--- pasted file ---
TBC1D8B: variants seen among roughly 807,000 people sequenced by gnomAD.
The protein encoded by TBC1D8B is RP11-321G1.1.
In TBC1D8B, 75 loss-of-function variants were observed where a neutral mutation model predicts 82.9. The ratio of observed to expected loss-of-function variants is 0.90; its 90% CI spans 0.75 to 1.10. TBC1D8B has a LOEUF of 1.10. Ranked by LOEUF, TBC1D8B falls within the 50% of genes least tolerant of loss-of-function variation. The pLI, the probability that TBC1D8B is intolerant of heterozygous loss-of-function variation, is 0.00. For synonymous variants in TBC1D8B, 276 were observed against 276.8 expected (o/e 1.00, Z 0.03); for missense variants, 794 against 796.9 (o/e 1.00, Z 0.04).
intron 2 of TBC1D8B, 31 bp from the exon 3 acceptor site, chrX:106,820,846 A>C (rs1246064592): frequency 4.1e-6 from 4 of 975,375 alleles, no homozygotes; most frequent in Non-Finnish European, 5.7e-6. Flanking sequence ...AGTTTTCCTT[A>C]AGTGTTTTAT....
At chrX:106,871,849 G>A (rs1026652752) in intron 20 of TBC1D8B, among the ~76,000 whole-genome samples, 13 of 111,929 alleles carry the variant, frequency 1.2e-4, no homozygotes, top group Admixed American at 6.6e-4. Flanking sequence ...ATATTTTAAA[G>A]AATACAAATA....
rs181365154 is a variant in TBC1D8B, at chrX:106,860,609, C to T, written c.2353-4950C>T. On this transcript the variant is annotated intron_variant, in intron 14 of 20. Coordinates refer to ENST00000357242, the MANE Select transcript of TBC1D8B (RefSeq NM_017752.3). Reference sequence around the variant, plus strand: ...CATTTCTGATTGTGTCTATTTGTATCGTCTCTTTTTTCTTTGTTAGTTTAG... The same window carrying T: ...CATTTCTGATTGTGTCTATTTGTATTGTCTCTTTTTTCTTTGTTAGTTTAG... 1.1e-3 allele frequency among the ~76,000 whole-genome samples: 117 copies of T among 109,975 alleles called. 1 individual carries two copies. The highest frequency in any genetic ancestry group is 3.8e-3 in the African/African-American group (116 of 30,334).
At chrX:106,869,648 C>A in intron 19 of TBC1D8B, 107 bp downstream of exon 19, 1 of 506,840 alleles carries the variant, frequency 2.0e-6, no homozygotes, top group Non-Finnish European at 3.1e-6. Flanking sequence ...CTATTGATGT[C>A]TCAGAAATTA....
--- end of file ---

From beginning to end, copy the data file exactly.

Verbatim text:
TBC1D8B: variants seen among roughly 807,000 people sequenced by gnomAD.
The protein encoded by TBC1D8B is RP11-321G1.1.
In TBC1D8B, 75 loss-of-function variants were observed where a neutral mutation model predicts 82.9. The ratio of observed to expected loss-of-function variants is 0.90; its 90% CI spans 0.75 to 1.10. TBC1D8B has a LOEUF of 1.10. Ranked by LOEUF, TBC1D8B falls within the 50% of genes least tolerant of loss-of-function variation. The pLI, the probability that TBC1D8B is intolerant of heterozygous loss-of-function variation, is 0.00. For synonymous variants in TBC1D8B, 276 were observed against 276.8 expected (o/e 1.00, Z 0.03); for missense variants, 794 against 796.9 (o/e 1.00, Z 0.04).
intron 2 of TBC1D8B, 31 bp from the exon 3 acceptor site, chrX:106,820,846 A>C (rs1246064592): frequency 4.1e-6 from 4 of 975,375 alleles, no homozygotes; most frequent in Non-Finnish European, 5.7e-6. Flanking sequence ...AGTTTTCCTT[A>C]AGTGTTTTAT....
At chrX:106,871,849 G>A (rs1026652752) in intron 20 of TBC1D8B, among the ~76,000 whole-genome samples, 13 of 111,929 alleles carry the variant, frequency 1.2e-4, no homozygotes, top group Admixed American at 6.6e-4. Flanking sequence ...ATATTTTAAA[G>A]AATACAAATA....
rs181365154 is a variant in TBC1D8B, at chrX:106,860,609, C to T, written c.2353-4950C>T. On this transcript the variant is annotated intron_variant, in intron 14 of 20. Coordinates refer to ENST00000357242, the MANE Select transcript of TBC1D8B (RefSeq NM_017752.3). Reference sequence around the variant, plus strand: ...CATTTCTGATTGTGTCTATTTGTATCGTCTCTTTTTTCTTTGTTAGTTTAG... The same window carrying T: ...CATTTCTGATTGTGTCTATTTGTATTGTCTCTTTTTTCTTTGTTAGTTTAG... 1.1e-3 allele frequency among the ~76,000 whole-genome samples: 117 copies of T among 109,975 alleles called. 1 individual carries two copies. The highest frequency in any genetic ancestry group is 3.8e-3 in the African/African-American group (116 of 30,334).
At chrX:106,869,648 C>A in intron 19 of TBC1D8B, 107 bp downstream of exon 19, 1 of 506,840 alleles carries the variant, frequency 2.0e-6, no homozygotes, top group Non-Finnish European at 3.1e-6. Flanking sequence ...CTATTGATGT[C>A]TCAGAAATTA....